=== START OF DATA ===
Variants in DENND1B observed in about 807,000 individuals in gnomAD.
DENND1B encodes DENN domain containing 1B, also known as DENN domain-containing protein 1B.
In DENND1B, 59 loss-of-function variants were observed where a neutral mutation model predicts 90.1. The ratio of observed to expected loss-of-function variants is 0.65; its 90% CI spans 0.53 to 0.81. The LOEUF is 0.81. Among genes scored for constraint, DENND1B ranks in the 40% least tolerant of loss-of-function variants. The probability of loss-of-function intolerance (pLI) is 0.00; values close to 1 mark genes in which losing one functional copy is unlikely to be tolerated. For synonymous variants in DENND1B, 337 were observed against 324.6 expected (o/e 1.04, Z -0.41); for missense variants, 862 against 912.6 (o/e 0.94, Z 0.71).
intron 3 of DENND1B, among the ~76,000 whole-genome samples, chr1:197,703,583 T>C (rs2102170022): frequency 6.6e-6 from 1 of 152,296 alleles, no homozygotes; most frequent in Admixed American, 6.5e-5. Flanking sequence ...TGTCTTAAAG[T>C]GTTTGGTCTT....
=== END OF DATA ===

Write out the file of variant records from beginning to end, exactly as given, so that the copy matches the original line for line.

Variants in DENND1B observed in about 807,000 individuals in gnomAD.
DENND1B encodes DENN domain containing 1B, also known as DENN domain-containing protein 1B.
In DENND1B, 59 loss-of-function variants were observed where a neutral mutation model predicts 90.1. The ratio of observed to expected loss-of-function variants is 0.65; its 90% CI spans 0.53 to 0.81. The LOEUF is 0.81. Among genes scored for constraint, DENND1B ranks in the 40% least tolerant of loss-of-function variants. The probability of loss-of-function intolerance (pLI) is 0.00; values close to 1 mark genes in which losing one functional copy is unlikely to be tolerated. For synonymous variants in DENND1B, 337 were observed against 324.6 expected (o/e 1.04, Z -0.41); for missense variants, 862 against 912.6 (o/e 0.94, Z 0.71).
intron 3 of DENND1B, among the ~76,000 whole-genome samples, chr1:197,703,583 T>C (rs2102170022): frequency 6.6e-6 from 1 of 152,296 alleles, no homozygotes; most frequent in Admixed American, 6.5e-5. Flanking sequence ...TGTCTTAAAG[T>C]GTTTGGTCTT....